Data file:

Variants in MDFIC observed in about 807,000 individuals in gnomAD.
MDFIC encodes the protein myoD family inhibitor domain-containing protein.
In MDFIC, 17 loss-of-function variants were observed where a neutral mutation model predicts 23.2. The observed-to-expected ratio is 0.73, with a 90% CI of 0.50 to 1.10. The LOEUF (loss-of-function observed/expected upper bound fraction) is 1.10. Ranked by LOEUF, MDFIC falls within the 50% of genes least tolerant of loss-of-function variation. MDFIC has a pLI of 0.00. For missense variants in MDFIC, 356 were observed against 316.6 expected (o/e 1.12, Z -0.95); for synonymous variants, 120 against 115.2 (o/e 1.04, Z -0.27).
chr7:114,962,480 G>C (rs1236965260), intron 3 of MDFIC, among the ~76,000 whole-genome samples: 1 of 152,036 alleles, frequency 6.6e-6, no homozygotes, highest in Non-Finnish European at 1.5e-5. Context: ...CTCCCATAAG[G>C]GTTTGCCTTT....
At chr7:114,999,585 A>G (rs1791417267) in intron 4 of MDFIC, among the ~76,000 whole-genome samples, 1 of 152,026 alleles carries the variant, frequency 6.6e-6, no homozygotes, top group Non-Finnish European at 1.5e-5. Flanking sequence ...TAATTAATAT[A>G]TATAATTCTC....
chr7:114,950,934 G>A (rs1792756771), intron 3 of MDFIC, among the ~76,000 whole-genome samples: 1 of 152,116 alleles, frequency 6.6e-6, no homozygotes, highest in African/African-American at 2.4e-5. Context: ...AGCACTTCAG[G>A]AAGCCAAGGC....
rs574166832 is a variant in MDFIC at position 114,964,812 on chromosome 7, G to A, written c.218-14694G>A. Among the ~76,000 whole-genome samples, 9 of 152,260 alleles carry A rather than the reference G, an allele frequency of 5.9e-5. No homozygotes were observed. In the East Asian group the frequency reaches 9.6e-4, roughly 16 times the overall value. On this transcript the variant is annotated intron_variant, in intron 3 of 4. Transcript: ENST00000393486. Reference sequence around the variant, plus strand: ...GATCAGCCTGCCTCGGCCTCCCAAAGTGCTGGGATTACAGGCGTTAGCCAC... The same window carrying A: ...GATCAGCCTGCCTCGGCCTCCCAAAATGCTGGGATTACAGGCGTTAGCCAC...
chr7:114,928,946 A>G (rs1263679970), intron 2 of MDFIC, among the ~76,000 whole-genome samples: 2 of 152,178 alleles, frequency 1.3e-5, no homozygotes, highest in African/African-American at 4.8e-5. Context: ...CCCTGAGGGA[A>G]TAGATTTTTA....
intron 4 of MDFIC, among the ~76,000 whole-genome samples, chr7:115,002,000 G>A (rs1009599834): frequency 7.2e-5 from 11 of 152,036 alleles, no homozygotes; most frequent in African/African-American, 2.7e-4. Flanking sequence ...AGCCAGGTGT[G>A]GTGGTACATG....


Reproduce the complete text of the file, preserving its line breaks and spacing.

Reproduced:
Variants in MDFIC observed in about 807,000 individuals in gnomAD.
MDFIC encodes the protein myoD family inhibitor domain-containing protein.
In MDFIC, 17 loss-of-function variants were observed where a neutral mutation model predicts 23.2. The observed-to-expected ratio is 0.73, with a 90% CI of 0.50 to 1.10. The LOEUF (loss-of-function observed/expected upper bound fraction) is 1.10. Ranked by LOEUF, MDFIC falls within the 50% of genes least tolerant of loss-of-function variation. MDFIC has a pLI of 0.00. For missense variants in MDFIC, 356 were observed against 316.6 expected (o/e 1.12, Z -0.95); for synonymous variants, 120 against 115.2 (o/e 1.04, Z -0.27).
chr7:114,962,480 G>C (rs1236965260), intron 3 of MDFIC, among the ~76,000 whole-genome samples: 1 of 152,036 alleles, frequency 6.6e-6, no homozygotes, highest in Non-Finnish European at 1.5e-5. Context: ...CTCCCATAAG[G>C]GTTTGCCTTT....
At chr7:114,999,585 A>G (rs1791417267) in intron 4 of MDFIC, among the ~76,000 whole-genome samples, 1 of 152,026 alleles carries the variant, frequency 6.6e-6, no homozygotes, top group Non-Finnish European at 1.5e-5. Flanking sequence ...TAATTAATAT[A>G]TATAATTCTC....
chr7:114,950,934 G>A (rs1792756771), intron 3 of MDFIC, among the ~76,000 whole-genome samples: 1 of 152,116 alleles, frequency 6.6e-6, no homozygotes, highest in African/African-American at 2.4e-5. Context: ...AGCACTTCAG[G>A]AAGCCAAGGC....
rs574166832 is a variant in MDFIC at position 114,964,812 on chromosome 7, G to A, written c.218-14694G>A. Among the ~76,000 whole-genome samples, 9 of 152,260 alleles carry A rather than the reference G, an allele frequency of 5.9e-5. No homozygotes were observed. In the East Asian group the frequency reaches 9.6e-4, roughly 16 times the overall value. On this transcript the variant is annotated intron_variant, in intron 3 of 4. Transcript: ENST00000393486. Reference sequence around the variant, plus strand: ...GATCAGCCTGCCTCGGCCTCCCAAAGTGCTGGGATTACAGGCGTTAGCCAC... The same window carrying A: ...GATCAGCCTGCCTCGGCCTCCCAAAATGCTGGGATTACAGGCGTTAGCCAC...
chr7:114,928,946 A>G (rs1263679970), intron 2 of MDFIC, among the ~76,000 whole-genome samples: 2 of 152,178 alleles, frequency 1.3e-5, no homozygotes, highest in African/African-American at 4.8e-5. Context: ...CCCTGAGGGA[A>G]TAGATTTTTA....
intron 4 of MDFIC, among the ~76,000 whole-genome samples, chr7:115,002,000 G>A (rs1009599834): frequency 7.2e-5 from 11 of 152,036 alleles, no homozygotes; most frequent in African/African-American, 2.7e-4. Flanking sequence ...AGCCAGGTGT[G>A]GTGGTACATG....